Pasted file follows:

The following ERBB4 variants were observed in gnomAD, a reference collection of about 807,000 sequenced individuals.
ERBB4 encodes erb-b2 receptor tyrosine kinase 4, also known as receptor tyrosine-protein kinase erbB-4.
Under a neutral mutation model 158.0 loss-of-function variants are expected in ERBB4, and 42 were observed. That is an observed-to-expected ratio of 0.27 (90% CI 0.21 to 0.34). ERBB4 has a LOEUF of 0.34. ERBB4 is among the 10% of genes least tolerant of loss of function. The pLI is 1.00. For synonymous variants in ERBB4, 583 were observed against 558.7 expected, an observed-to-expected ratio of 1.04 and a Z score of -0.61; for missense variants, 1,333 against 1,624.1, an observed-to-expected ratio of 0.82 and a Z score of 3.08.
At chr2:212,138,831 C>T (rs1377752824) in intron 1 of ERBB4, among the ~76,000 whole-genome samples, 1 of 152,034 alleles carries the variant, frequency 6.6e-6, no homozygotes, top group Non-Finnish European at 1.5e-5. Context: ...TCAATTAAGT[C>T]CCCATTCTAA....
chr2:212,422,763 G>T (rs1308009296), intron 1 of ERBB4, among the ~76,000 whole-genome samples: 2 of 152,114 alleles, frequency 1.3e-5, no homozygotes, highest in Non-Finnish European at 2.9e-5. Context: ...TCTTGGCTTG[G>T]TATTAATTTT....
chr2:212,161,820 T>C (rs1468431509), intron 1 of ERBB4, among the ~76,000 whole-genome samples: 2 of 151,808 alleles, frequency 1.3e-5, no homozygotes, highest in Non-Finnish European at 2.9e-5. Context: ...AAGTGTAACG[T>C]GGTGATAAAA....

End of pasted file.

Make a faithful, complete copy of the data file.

The following ERBB4 variants were observed in gnomAD, a reference collection of about 807,000 sequenced individuals.
ERBB4 encodes erb-b2 receptor tyrosine kinase 4, also known as receptor tyrosine-protein kinase erbB-4.
Under a neutral mutation model 158.0 loss-of-function variants are expected in ERBB4, and 42 were observed. That is an observed-to-expected ratio of 0.27 (90% CI 0.21 to 0.34). ERBB4 has a LOEUF of 0.34. ERBB4 is among the 10% of genes least tolerant of loss of function. The pLI is 1.00. For synonymous variants in ERBB4, 583 were observed against 558.7 expected, an observed-to-expected ratio of 1.04 and a Z score of -0.61; for missense variants, 1,333 against 1,624.1, an observed-to-expected ratio of 0.82 and a Z score of 3.08.
At chr2:212,138,831 C>T (rs1377752824) in intron 1 of ERBB4, among the ~76,000 whole-genome samples, 1 of 152,034 alleles carries the variant, frequency 6.6e-6, no homozygotes, top group Non-Finnish European at 1.5e-5. Context: ...TCAATTAAGT[C>T]CCCATTCTAA....
chr2:212,422,763 G>T (rs1308009296), intron 1 of ERBB4, among the ~76,000 whole-genome samples: 2 of 152,114 alleles, frequency 1.3e-5, no homozygotes, highest in Non-Finnish European at 2.9e-5. Context: ...TCTTGGCTTG[G>T]TATTAATTTT....
chr2:212,161,820 T>C (rs1468431509), intron 1 of ERBB4, among the ~76,000 whole-genome samples: 2 of 151,808 alleles, frequency 1.3e-5, no homozygotes, highest in Non-Finnish European at 2.9e-5. Context: ...AAGTGTAACG[T>C]GGTGATAAAA....